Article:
Search for Correlations between Severity of Retinitis Pigmentosa and Primary Mutations
Digital Journal of Ophthalmology 1998
Volume 4, Number 8
October 15, 1998




Eliot L. Berson, M.D. | Harvard Medical School, Massachusetts Eye and Ear Infirmary
Michael A. Sandberg, PhD. | Harvard Medical School, Massachusetts Eye and Ear Infirmary
Thaddeus P. Dryja, M.D. | Harvard Medical School, Massachusetts Eye and Ear Infirmary

Introduction
Variability of clinical expression of retinitis pigmentosa has been described repeatedly over the last century but has remained an unexplained aspect of this GROUP of diseases [1–4]. Molecular genetic identification of mutant genes has provided new opportunities to EXPLAIN variable clinical expression as patients can now be subclassifed according to mutation.

We investigated to what extent the severity of retinitis pigmentosa is due to the domain altered by a given rhodopsin mutation [5,6]. We compared ocular function among 128 patients ages 7 to 73 with mutations altering either the intradiscal, transmembrane, or cytoplasmic domains of the rhodopsin molecule. Figure 1 shows a schematic model of human rhodopsin showing the seven transmembrane domains, the location of amino acid residues affected by dominant mutations causing retinitis pigmentosa, and the number of patients with each mutation included in this analysis [6].

We found that visual acuity, visual field diameter, dark-adapted sensitivity, and ERG amplitudes were highest for patients with mutations altering the intradiscal domain (or low-numbered codons) and lowest for patients with mutations altering the cytoplasmic domain (or higher-numbered codons). In the case of the ERG, mutations in the intradiscal domain resulted, on average, in ERG amplitudes that were 10- to 20-fold larger at a given age than mutations in the cytoplasmic domain (see TABLE 1) [6].
top
Figure 1
Schematic model of human rhodopsin showing the seven transmembrane domains, the locations of the amino acid residues affected by dominant mutations causing retinitis pigmentosa included in this report (large circles), and the number of patients with each mutation (parentheses). (From Sandberg MA, Weigel-DiFranco C, Dryja TP, Berson EL: Clinical expression correlates with location of rhodopsin mutation in dominant retinitis pigmentosa. Invest Ophthalmol Vis Sci 36:1934–1942, 1995.)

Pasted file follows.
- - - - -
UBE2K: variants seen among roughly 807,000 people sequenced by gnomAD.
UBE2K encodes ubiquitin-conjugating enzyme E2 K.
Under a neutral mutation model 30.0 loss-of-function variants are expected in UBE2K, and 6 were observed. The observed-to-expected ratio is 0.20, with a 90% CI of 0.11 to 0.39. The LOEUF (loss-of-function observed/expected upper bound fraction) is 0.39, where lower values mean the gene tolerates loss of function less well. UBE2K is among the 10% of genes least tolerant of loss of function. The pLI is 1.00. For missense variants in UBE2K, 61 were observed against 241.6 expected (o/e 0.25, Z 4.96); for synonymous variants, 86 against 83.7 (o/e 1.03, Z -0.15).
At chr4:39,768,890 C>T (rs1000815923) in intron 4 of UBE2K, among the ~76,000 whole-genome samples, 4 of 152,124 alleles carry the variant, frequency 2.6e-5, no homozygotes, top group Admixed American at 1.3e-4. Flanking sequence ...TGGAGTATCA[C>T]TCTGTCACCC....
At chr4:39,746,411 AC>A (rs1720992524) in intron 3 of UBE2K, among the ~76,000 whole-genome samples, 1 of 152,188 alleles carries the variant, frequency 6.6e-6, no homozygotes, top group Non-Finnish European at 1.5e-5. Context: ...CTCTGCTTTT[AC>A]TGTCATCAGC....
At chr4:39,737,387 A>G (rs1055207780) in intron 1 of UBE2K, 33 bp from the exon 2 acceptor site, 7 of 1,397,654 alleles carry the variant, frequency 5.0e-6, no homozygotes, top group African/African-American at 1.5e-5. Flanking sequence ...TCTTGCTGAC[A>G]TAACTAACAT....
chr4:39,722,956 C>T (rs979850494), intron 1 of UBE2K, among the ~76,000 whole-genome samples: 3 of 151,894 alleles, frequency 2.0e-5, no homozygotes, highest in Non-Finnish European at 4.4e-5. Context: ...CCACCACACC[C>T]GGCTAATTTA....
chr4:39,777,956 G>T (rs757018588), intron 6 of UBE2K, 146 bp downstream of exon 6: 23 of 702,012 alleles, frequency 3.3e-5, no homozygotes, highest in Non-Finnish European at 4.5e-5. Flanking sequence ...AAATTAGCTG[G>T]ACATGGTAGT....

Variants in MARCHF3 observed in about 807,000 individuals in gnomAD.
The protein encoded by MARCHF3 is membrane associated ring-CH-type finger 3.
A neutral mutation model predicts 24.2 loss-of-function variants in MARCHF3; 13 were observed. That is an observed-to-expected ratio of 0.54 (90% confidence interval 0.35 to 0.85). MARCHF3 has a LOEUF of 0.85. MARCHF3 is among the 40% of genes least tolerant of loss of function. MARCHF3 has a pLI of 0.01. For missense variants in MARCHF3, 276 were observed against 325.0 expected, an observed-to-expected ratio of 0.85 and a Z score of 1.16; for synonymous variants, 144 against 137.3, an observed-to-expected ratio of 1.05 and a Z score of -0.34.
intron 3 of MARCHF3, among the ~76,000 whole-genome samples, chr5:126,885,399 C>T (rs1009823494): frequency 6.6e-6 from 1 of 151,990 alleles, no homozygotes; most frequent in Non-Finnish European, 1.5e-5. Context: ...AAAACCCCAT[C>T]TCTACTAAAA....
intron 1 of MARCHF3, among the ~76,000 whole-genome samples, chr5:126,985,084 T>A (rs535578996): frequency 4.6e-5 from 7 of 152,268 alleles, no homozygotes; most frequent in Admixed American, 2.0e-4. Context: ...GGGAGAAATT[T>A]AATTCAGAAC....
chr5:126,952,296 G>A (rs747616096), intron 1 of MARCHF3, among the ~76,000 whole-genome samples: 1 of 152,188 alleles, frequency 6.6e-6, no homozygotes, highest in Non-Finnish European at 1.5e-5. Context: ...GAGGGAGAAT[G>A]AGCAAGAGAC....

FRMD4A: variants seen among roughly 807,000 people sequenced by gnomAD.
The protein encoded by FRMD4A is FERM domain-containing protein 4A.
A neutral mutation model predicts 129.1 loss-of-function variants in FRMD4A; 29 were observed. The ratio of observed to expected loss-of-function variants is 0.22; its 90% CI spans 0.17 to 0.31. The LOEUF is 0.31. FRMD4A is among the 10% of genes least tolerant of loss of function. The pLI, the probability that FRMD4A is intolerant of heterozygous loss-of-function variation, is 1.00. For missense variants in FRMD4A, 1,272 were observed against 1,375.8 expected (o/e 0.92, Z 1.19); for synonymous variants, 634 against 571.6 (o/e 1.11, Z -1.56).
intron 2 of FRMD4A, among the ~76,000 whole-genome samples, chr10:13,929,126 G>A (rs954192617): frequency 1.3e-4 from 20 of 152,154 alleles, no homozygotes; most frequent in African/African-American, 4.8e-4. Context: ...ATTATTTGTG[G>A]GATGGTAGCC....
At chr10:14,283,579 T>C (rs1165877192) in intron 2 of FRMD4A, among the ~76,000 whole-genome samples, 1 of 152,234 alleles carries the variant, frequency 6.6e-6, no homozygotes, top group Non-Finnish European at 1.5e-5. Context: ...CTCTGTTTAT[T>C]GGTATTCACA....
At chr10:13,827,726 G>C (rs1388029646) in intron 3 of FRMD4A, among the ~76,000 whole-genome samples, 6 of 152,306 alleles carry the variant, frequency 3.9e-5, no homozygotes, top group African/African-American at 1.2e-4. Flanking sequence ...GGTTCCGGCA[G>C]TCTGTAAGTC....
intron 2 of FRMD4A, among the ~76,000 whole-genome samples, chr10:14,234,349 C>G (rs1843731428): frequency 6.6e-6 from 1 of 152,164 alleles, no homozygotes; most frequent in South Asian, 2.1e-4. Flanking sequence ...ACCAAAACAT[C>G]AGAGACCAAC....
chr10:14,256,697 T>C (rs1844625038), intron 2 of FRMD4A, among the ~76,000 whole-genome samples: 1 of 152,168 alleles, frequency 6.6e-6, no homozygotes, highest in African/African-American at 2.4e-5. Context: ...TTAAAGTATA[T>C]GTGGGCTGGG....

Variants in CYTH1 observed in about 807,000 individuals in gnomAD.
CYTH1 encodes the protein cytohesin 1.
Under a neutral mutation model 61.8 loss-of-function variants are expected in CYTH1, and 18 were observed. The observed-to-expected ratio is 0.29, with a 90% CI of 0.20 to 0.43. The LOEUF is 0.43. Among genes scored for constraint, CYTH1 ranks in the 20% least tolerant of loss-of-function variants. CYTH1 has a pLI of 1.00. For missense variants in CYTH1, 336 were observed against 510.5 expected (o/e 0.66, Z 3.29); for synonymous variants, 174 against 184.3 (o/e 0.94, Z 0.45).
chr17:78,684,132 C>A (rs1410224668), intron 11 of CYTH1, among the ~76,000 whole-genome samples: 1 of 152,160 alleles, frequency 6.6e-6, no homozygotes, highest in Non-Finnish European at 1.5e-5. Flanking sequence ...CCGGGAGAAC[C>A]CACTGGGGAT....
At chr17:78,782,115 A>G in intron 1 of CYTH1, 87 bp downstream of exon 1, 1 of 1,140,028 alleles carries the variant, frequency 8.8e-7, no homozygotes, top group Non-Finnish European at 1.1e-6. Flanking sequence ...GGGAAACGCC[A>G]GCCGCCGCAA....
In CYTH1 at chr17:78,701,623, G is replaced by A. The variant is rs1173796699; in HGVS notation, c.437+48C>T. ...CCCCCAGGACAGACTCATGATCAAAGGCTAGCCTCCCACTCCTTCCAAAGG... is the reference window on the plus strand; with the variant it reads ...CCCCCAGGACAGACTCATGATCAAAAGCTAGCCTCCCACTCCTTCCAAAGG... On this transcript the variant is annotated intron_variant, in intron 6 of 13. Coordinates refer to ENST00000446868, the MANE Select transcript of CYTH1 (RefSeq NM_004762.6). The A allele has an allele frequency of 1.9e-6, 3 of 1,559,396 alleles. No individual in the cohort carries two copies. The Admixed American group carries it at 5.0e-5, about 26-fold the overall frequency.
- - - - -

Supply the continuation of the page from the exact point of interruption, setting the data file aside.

Discussion
By multiple regression, all five measures of ocular function declined as codon number increased. The strongest relationship was seen between 0.5Hz ERG amplitude and codon number, as illustrated. In this plot, ERG amplitude decreased by 55% for every 100-unit increase in codon number (Figure 2) [6].

It is now known that patients FROM the same family or FROM different families with the same gene mutation can SHOW widely varying severity of disease at a given age. The first gene abnormality found to cause retinitis pigmentosa is a single-base substitution in codon 23 of the rhodopsin gene [7]. Although more than 70 mutations have been subsequently discovered in this gene, [8–14] this mutation (Pro23His) is the most common in the United States, accounting for approximately 7% of all cases of dominant retinitis pigmentosa [14]. The prevalence of this mutation in the United States provides an opportunity to use a relatively large sample size to study variability of clinical expression among patients with the same mutation.